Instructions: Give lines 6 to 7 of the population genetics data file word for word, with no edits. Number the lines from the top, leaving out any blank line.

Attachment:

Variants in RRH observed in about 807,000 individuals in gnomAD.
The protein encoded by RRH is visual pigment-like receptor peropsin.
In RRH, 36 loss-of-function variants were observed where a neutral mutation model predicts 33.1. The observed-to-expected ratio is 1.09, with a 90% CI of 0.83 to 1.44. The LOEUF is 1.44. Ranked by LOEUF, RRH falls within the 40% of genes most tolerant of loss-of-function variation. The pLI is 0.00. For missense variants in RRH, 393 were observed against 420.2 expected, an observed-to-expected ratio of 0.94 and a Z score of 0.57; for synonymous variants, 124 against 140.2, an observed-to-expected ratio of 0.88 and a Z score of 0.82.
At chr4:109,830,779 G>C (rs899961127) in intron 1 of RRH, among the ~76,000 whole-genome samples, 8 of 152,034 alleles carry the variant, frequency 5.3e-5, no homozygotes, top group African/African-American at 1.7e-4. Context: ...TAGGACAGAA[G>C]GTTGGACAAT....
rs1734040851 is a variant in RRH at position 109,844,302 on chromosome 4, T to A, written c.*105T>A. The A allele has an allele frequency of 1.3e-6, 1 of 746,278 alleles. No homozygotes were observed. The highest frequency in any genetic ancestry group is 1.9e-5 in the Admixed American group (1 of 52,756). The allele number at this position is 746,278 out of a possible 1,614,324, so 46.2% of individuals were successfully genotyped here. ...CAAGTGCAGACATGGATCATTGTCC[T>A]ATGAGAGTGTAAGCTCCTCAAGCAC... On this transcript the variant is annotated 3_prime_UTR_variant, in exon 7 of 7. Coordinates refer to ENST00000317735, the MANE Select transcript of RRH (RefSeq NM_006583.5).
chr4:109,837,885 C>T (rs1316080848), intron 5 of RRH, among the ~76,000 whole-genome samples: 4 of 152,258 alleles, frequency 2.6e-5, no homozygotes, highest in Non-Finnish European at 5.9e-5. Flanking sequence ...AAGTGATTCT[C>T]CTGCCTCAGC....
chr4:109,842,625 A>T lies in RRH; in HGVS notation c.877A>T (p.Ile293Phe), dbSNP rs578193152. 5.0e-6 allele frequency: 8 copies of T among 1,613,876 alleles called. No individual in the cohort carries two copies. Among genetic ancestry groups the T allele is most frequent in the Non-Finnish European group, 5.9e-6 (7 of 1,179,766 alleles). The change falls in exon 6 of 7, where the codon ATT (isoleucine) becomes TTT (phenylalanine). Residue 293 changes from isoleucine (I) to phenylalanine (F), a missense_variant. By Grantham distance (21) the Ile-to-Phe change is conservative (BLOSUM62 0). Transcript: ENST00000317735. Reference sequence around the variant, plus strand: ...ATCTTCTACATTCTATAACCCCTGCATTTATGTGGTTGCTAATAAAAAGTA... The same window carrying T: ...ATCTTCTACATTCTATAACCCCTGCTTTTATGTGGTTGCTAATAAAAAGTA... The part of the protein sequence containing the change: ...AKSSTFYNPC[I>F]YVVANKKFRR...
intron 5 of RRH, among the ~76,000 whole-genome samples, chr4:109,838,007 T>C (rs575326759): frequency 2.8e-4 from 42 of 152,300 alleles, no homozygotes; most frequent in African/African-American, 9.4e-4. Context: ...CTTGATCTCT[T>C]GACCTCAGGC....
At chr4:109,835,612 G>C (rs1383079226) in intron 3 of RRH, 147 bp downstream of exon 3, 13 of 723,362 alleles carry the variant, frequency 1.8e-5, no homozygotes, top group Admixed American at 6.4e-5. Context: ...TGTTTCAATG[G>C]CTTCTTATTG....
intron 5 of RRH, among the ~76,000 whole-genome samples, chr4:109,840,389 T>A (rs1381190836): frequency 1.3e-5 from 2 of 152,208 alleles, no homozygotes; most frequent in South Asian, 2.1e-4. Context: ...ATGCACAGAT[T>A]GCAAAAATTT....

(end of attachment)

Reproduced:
chr4:109,837,885 C>T (rs1316080848), intron 5 of RRH, among the ~76,000 whole-genome samples: 4 of 152,258 alleles, frequency 2.6e-5, no homozygotes, highest in Non-Finnish European at 5.9e-5. Flanking sequence ...AAGTGATTCT[C>T]CTGCCTCAGC....
chr4:109,842,625 A>T lies in RRH; in HGVS notation c.877A>T (p.Ile293Phe), dbSNP rs578193152. 5.0e-6 allele frequency: 8 copies of T among 1,613,876 alleles called. No individual in the cohort carries two copies. Among genetic ancestry groups the T allele is most frequent in the Non-Finnish European group, 5.9e-6 (7 of 1,179,766 alleles). The change falls in exon 6 of 7, where the codon ATT (isoleucine) becomes TTT (phenylalanine). Residue 293 changes from isoleucine (I) to phenylalanine (F), a missense_variant. By Grantham distance (21) the Ile-to-Phe change is conservative (BLOSUM62 0). Transcript: ENST00000317735. Reference sequence around the variant, plus strand: ...ATCTTCTACATTCTATAACCCCTGCATTTATGTGGTTGCTAATAAAAAGTA... The same window carrying T: ...ATCTTCTACATTCTATAACCCCTGCTTTTATGTGGTTGCTAATAAAAAGTA... The part of the protein sequence containing the change: ...AKSSTFYNPC[I>F]YVVANKKFRR...